The last gauge for Gold Stocks, which I consider to be one of my most important is the ARMS Index that I call the NEW TRIN. This is a slightly different formulation than the similar indicator shown at the beginning of this report, but of all my medium-term gauges, this is probably my favorite and most trusted tool. The NEW TRIN hit a bell ringing oversold value of 1.752 on June 20th, 2017 and was a primary motivator for me to begin writing these reports once again. It motivated me to pen, the very next day, one of the first articles on Gold Stocks in many years. 

Since late June, NEW TRIN has come down off the highs, which is not surprising at those levels because it takes very concerted selling to (A) achieve, and (B) to sustain. At a reading of 1.05 last night this is still a long way from overbought and does not preclude the potential for a major twenty to thirty percent move higher in the group. What it really tells us is that the bottom near June 20th, had panicky levels of fear associated with it, and then the subsequent low on July 7th also generated high levels of fear rippling through and reflecting in the Volume Weighted ARMS shown on page one and two of this report. Together they paint a picture of a kind of slow rolling bottom, replete with fear and nervousness, the key contrary elements necessary for a potentially major turn.

In addition to the technical indicators, we also note that GDX has not hit its upper 100-day Bollinger Band in many weeks. Through last night’s close, it has been 236 days since GDX last closed outside its 100 day upper Bollinger Band. That band is presently at a reading of $24.38 and should be in the area of $23.70 to $24 over the next few weeks. In the past, in non-bear market environments, we have seen typical turns to the upside which have ended the time span counter tally as follows: In May 2009, a streak ended at 291 days, in July 2007 a streak ended at 291 days, in August 2005 a streak ended at 183 days, in September 2004 - 178 days, September 1994 - 165 days, April 1985 -272 days, February 1984 - 185 days, February 1989 - 169 days, July 1992 - 257 days, and January 2002 - 157 days. These were 10 of the longest streaks measuring 150 days or more going back to 1979. The average of the ten was 214.80 trading days. At 236 trading days right now, one can make a solid case that the Gold Stocks are in the zone time wise for a potentially important bullish reversal. 



Above: XAU Index with Time Span counter showing # of days with no contact on 50 day upper band.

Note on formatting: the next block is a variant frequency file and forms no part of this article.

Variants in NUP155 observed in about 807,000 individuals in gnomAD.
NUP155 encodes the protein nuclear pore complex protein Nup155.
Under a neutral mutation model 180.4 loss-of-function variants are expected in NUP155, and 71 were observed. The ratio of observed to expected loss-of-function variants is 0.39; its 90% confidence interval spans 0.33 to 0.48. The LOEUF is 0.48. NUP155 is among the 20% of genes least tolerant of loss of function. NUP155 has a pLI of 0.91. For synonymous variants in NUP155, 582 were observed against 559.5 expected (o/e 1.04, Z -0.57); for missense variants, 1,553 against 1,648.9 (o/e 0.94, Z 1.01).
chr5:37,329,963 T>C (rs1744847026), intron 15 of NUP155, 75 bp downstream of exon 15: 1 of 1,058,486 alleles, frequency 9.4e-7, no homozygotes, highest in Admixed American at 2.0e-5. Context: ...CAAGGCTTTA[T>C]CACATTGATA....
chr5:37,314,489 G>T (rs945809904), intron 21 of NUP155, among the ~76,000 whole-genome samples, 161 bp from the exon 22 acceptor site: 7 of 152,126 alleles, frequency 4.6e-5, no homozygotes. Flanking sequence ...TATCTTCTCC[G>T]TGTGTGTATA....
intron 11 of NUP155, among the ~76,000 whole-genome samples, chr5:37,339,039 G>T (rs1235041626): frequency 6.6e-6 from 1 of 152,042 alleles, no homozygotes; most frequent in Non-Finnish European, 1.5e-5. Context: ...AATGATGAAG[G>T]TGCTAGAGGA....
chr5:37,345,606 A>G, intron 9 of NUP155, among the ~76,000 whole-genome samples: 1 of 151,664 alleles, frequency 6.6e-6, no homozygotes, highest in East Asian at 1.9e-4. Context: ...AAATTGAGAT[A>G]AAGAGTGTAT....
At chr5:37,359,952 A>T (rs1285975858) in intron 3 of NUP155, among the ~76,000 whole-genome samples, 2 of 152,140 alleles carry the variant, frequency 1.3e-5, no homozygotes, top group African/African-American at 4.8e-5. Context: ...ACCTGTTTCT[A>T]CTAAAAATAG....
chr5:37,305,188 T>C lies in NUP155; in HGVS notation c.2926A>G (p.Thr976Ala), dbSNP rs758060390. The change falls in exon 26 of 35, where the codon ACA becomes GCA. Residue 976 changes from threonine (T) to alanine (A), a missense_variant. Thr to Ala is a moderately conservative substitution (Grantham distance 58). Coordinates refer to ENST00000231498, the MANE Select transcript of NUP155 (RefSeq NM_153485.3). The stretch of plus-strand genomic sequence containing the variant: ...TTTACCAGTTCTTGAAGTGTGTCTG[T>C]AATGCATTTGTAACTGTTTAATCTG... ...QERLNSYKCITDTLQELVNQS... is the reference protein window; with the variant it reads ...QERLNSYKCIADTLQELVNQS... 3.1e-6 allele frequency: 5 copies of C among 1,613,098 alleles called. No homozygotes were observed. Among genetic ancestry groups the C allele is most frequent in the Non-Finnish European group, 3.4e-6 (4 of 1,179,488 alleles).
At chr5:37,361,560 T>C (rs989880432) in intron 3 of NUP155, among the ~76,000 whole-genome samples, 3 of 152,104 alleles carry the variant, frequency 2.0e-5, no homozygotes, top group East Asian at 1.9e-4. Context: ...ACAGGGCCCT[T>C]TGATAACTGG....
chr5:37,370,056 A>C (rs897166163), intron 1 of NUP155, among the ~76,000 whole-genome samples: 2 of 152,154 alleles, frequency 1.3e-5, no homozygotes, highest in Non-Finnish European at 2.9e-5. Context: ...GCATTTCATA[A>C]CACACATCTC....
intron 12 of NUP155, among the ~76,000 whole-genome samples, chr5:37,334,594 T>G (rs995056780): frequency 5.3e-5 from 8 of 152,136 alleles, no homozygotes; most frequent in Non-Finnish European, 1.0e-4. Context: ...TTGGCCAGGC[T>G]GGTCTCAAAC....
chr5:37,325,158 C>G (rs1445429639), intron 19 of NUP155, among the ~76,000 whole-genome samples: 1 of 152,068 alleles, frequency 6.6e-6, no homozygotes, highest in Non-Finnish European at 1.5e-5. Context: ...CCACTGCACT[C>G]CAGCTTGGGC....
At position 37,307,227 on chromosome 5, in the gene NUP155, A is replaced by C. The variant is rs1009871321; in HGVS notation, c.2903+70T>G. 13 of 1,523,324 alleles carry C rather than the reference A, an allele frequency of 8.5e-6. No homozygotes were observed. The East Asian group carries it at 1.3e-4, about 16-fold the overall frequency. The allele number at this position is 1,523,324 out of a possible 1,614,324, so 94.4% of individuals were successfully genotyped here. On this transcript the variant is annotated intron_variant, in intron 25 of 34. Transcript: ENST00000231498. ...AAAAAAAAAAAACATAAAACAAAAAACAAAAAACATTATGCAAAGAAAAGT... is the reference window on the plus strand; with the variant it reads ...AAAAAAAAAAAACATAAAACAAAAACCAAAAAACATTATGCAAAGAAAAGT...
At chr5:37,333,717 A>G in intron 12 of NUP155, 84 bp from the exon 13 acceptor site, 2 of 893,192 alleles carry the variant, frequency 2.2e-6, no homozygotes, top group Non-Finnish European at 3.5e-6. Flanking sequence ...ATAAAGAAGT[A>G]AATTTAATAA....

Physical (Spot) Gold:

We continue to believe that Gold prices are also near a major bottom as they are holding support at key Bollinger Bands. Just a few days back, we saw deep medium term oversold readings on our Selling Intensity gauge (see below) for GLD, the widely held Gold ETF



Above: Physical Gold - Weekly 1970 to Present with Weeks Down Per 100 Gauge

In addition to medium term signals, we want to update and remind readers that last year, at the very important December low, we saw values that pulled us back into the market for Gold and Gold Stocks. Unfortunately, at the time, we were not in a place where we were able to restart these reports. Yet, one of the gauges that spoke loudly to us back then was the Down Days per 100 Week Gauge on Spot Gold. Usually, large trending down moves - Bear markets in Gold, will drive this gauge up to readings above 55. That means that on a rolling 100 week basis there has been 55 down weeks out of the past 100 total weeks. In December, the “Gold Down Weeks per 100” gauge paked at 59 weeks, and that is consistent with a number of other bear market ending values.

The prior bear market bottom between January 1998 and July 1999 recorded a whole string of weekly closes above 55, with values of +63 on 1/23/1998, +65 on 7/31/1998, and +57 on 7/9/1999. Prior to that, a value of +58 weeks was seen on 3/1/1985 with Gold at $287.50 per Ounce, and that marked a major low. By December 1987, Gold was trading at $496.25 per Ounce, up 72.6% from the March 1985 lows.

In 1982, we saw a reading of 61 weeks with Gold at $305.50 per oz on June 25th 1982 and that gave rise to a major advance that reached $504.50 per oz by February 1983. Finally, way back in late November 1976, Gold had been declining for almost two years, and Down Weeks per 100 moved up over 55 with a value of 59 weeks on 11/26/76 with Gold at $130.25 per oz. By 1/18/1980, Gold was trading at $835 per oz. All in all, we continue to believe that this sector is now ripe and probably in the middle of a major reversal to the upside. Please follow the link below to sign up for future complimentary Salem Capital Markets Outlook Newsletters.

By Frank Barbera


 

Author: Frank Barbera

Salem Partners is a leading Los Angeles-based investment bank and wealth management firm. We build relationships using our judgment, objectivity and expertise to create significant long-term value for our clients.